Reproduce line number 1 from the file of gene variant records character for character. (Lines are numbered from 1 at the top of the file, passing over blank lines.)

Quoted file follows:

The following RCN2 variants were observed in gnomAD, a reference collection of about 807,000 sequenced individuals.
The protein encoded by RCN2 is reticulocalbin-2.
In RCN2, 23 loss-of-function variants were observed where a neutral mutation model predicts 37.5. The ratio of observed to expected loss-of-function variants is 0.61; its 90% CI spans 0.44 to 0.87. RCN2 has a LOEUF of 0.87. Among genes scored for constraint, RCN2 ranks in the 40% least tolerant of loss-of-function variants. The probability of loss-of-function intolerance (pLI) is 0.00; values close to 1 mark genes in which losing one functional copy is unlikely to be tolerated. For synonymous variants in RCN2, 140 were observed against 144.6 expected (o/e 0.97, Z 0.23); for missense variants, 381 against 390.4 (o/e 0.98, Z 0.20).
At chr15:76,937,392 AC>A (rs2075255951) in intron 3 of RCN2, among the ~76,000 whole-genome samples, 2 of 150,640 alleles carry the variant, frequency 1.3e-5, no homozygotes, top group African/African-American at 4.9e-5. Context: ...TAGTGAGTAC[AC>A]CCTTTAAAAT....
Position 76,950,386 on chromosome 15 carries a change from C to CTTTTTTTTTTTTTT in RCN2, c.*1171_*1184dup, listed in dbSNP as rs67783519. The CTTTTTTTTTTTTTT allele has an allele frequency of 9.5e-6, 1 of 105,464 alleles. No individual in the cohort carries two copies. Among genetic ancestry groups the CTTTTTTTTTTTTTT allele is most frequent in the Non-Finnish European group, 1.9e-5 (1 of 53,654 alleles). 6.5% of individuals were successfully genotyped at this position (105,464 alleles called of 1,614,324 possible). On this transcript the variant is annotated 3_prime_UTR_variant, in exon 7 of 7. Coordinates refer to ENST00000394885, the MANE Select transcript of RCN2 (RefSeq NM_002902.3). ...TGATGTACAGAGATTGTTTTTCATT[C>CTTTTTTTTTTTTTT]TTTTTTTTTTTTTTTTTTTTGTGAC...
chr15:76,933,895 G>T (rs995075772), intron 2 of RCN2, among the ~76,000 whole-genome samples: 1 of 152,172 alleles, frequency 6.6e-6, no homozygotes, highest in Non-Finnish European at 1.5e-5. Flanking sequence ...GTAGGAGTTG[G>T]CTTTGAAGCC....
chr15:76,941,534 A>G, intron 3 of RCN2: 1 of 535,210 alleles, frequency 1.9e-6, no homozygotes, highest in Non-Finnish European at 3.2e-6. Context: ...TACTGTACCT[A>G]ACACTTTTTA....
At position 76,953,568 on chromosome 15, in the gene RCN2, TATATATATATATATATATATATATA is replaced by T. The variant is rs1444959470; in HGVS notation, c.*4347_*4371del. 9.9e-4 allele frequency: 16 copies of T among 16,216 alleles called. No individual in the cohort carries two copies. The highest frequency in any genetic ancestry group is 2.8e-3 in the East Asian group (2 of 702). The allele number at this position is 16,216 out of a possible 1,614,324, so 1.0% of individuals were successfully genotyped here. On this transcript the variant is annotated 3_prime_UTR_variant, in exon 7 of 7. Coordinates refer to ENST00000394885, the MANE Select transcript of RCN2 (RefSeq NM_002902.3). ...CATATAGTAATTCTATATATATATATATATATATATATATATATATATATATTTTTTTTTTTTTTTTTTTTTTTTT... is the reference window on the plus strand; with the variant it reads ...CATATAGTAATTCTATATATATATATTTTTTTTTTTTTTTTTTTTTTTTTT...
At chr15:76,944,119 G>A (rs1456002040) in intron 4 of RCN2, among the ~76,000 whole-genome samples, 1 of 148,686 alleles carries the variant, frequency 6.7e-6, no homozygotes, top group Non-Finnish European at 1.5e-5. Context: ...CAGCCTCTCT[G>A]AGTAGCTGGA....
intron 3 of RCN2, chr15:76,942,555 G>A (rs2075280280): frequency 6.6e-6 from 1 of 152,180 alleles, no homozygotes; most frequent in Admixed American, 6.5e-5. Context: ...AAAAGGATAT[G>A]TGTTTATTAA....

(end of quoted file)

The following RCN2 variants were observed in gnomAD, a reference collection of about 807,000 sequenced individuals.